Every year since Finance For Youth: The Blog started, I put together an address to the graduating class of that year. Generally, I will give a list of pieces of advice for the graduates to keep in mind as they move forward into the next, most exciting stage of their lives. This year will have some advice, but I want to talk about a couple of lessons that I have learned since I started working with young people directly.
As a teacher, I’m supposed to be the one who gives you all lessons that will carry you from where you are now, through the rest of your life. That’s what I went to school for, and that is what you went to school for. But education is not a one-way exchange. A good teacher who is confident in their own abilities is able to talk about what you have taught us. I hope that I can be that person, because working with all of you has taught me so much both good and bad, that I will take with me forever, and I hope you can take some of it with you too.
You have to keep a thick skin (and a solid jaw)!
The Lesson: The lesson I learned here, and one that I believe can serve you well is to take a minute (or even longer if needed) before you jump in with both feet. People generally have a set of beliefs that they will change, but not instantly. Young people are really good at being different and changing things, and sometimes that causes trouble with others. But you can’t walk timidly into every situation: Sometimes you have to take the hit to earn the reward. Do your best to only take the hit when you are sure the reward is worth it.
Sometimes Rock Stars can be quiet!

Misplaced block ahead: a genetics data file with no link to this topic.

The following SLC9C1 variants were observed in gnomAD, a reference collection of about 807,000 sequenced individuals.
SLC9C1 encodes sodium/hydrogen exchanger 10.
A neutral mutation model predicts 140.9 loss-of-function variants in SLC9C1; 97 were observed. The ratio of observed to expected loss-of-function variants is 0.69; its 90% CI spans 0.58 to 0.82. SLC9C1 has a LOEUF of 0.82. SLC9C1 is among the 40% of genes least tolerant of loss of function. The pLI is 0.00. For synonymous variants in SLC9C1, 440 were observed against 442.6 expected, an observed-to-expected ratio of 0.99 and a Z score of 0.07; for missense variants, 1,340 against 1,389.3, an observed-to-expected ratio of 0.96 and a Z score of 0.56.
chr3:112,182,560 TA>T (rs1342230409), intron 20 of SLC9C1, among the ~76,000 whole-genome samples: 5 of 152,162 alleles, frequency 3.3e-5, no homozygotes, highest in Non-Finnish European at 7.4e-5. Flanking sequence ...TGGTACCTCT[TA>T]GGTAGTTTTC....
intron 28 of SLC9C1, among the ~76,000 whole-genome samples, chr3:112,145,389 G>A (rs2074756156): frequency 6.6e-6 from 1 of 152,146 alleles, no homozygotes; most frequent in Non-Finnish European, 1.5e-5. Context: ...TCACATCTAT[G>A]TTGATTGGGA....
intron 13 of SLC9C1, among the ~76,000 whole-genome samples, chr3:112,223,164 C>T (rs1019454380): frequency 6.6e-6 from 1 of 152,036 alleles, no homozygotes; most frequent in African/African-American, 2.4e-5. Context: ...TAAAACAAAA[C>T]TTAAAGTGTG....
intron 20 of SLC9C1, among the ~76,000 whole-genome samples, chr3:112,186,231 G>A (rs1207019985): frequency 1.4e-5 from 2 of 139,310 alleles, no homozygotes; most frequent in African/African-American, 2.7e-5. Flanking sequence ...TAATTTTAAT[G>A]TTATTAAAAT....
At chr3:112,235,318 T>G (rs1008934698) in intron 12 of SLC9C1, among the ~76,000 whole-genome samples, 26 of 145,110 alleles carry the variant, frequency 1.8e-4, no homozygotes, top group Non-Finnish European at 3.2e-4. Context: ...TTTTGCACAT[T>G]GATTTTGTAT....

Over the past few years, I’ve had the fortune of having some colleagues offer me very high praise and very nice compliments. In past careers, I expected this, but I’ve never done anything as important as teaching. In past years, I walked around my office like I was the King, and dared people to challenge me. Now, I find that people respond just as well to someone who walks with confidence instead of arrogance.
The Lesson: Nobody knows how good you are at what you do better than you do. You have some choices on how to let others know. On one hand, you can jump up on a pedestal and shout into your megaphone about how good you are. People will understand, but they may not always agree. On the other hand, you can take pride in doing your job well and other people will start picking up their own megaphones for you.
Many things are shades of grey, but not everything!
One thing I see daily is an erosion of what I learned about right and wrong. Due to the nature of my job, I’ve been able to see that erosion as it hits children at every stage of development. In Kindergarten, you learn about absolutes and how right is right and wrong is wrong. By sixth grade, you learn that everybody has their own moral compass, and it is wrong to judge others through your compass. By the tenth grade you learn that really right and wrong are subjective in every sense.
The Lesson: Some of the most important lessons you have ever learned you learned in your earliest, formative years. Don’t be in a rush to supplant the values you learned back then for excuses that you learn today. The fact is that we educators have failed you, and continue to do so every time we help destroy what you have always known to be true.
There are many more lessons that I’ve learned from you, my students. Many of them were learned at a great personal cost to someone, and I try to honor that price paid by remembering and sharing the lessons daily. Some were learned while I was trying to learn something else entirely, and I stumbled upon a pot of gold that is wisdom. Those lessons I try to make available to others in as many places as possible, in the hopes that more people will stumble upon them and in turn share them with others. But one of the most important lessons I’ve learned from my students is that there is only so much education one can stand before you either fall asleep or try to escape. With that being said, congratulations to the class of 2011! You are all stars who have the unique ability to keep getting brighter without ever burning out. Enjoy the next stage as much or more as you have this stage, and look back only through the lenses of fond memory of a time when life was easier than it will ever be again, and only with the full knowledge that life has prepared you for anything you might face from here on out!